CAIRO — Last Thursday, a small group of Internet-savvy young political organizers gathered in the Cairo home of an associate of Mohamed ElBaradei, the diplomat and Nobel laureate.
They had come to plot a day of street protests calling for the ouster of President Hosni Mubarak, but within days, their informal clique would become the effective leaders of a decades-old opposition movement previously dominated by figures more than twice their age.
“Most of us are under 30,” said Amr Ezz, a 27-year-old lawyer who was one of the group as part of the April 6 Youth Movement, which organized an earlier day of protests last week via Facebook. They were surprised and delighted to see that more than 90,000 people signed up online to participate, emboldening others to turn out and bringing tens of thousands of mostly young people into the streets.
Surprised by the turnout, older opposition leaders from across the spectrum — including the outlawed Muslim Brotherhood; the liberal protest group the Egyptian Movement for Change, known by its slogan, “Enough”; and the umbrella group organized by Dr. ElBaradei — joined in, vowing to turn out their supporters for another day of protest on Friday. But the same handful of young online organizers were still calling the shots.
They decided to follow a blueprint similar to their previous protest, urging demonstrators to converge on the central Liberation Square. So they drew up a list of selected mosques around Cairo where they asked people to gather at Friday Prayer before marching together toward the square. Then they distributed the list through e-mail and text messages, which spread virally. They even told Dr. ElBaradei which mosque he should attend, people involved said.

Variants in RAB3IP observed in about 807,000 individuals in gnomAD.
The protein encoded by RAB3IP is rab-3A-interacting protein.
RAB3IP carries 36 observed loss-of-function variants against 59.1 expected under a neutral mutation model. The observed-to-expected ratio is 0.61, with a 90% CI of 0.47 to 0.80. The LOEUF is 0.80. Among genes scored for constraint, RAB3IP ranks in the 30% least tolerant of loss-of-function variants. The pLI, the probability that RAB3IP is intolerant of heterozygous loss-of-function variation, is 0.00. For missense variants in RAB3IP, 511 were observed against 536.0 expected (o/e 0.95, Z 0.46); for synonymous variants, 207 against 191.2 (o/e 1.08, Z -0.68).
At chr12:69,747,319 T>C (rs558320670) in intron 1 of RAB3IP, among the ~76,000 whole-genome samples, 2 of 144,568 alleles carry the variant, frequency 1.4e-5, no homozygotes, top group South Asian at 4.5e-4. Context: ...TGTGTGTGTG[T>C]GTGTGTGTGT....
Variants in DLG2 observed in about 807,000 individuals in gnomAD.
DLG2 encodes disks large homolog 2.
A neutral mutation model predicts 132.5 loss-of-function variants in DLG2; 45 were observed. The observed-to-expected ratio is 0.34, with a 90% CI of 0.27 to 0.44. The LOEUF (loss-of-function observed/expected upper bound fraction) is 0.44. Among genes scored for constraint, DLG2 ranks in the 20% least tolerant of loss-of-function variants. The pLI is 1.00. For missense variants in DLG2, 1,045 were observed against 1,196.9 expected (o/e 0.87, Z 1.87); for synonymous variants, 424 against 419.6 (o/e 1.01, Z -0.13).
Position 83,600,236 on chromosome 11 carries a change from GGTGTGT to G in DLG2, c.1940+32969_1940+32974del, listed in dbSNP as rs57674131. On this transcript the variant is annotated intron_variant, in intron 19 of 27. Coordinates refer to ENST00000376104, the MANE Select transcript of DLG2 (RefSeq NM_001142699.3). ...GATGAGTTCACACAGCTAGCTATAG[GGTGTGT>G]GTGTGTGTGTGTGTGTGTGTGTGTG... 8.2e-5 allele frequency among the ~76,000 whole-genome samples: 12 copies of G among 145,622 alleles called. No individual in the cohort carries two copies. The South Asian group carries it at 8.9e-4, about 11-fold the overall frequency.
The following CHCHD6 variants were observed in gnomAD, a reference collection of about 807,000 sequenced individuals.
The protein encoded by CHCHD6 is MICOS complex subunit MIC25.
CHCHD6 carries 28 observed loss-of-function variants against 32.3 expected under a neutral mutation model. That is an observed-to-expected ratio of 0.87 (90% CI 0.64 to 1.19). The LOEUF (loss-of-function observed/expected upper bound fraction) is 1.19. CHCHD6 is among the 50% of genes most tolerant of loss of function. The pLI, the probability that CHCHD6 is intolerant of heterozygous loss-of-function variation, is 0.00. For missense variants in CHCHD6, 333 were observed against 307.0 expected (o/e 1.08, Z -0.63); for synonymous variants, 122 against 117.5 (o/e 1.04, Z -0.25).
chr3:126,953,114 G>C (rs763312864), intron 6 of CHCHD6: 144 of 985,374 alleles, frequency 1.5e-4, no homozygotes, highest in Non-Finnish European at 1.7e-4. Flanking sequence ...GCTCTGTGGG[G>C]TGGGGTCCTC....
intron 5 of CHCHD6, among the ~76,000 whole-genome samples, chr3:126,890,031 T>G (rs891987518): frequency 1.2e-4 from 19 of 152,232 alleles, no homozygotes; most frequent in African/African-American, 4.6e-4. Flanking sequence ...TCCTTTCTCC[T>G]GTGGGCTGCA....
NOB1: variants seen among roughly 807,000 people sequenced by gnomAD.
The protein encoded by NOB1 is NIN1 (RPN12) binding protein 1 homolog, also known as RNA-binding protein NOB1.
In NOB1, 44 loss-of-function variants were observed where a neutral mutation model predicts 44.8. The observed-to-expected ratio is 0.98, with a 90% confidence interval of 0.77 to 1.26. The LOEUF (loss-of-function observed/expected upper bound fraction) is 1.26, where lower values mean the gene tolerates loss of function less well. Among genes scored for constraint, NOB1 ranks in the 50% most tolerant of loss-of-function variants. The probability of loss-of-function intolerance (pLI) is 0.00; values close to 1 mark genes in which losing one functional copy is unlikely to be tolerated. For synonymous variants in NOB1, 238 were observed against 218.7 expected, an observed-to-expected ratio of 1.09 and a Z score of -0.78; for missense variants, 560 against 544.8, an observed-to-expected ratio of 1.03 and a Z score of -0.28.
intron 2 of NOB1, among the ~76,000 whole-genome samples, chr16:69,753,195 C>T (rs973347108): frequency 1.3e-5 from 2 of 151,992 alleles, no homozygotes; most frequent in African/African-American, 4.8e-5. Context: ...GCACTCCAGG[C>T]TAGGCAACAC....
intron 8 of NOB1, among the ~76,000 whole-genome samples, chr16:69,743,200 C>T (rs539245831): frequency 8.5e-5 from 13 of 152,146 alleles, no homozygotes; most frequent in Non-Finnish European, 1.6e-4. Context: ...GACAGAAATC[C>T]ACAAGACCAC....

“What we were hoping for is to have the same turnout as the 25th, so we wouldn’t lose the numbers we had already managed to mobilize,” Mr. Ezz said.
Instead, more than 100,000 people poured into the streets of the capital, pushing back for hours against battalions of riot police, until the police all but abandoned the city. The demonstrations were echoed across the country.
The huge uprising has stirred speculation about whether Egypt’s previously fractious opposition could unite to capitalize on the new momentum, and about just who would lead the nascent political movement.
The major parties and players in the Egyptian opposition met throughout the day Sunday to address those questions. They ultimately selected a committee led by Dr. ElBaradei to negotiate directly with the Egyptian military. And they settled on a strategy that some in the movement are calling “hug a soldier” to try to win the army’s rank and file over to their side. But both newcomers and veterans of the opposition movement say it is the young Internet pioneers who remain at the vanguard behind the scenes.
“The young people are still leading this,” said Ibrahim Issa, a prominent opposition intellectual who attended some of the meetings. And the older figures, most notably Dr. ElBaradei, have so far readily accepted the younger generation’s lead, people involved said. “He has been very responsive,” Mr. Issa said. “He is very keen on being the symbol, and not being a leader.”
After signs that President Mubarak’s government might be toppling, leaders of Egypt’s opposition — old and new — met Sunday to prepare for the next steps. The first meeting was a gathering of the so-called shadow parliament, formed by older critics of the government after blatantly rigged parliamentary elections last fall. Those elections eliminated almost every one of the small minority of seats held by critics of Mr. Mubarak, including 88 occupied by Muslim Brotherhood members.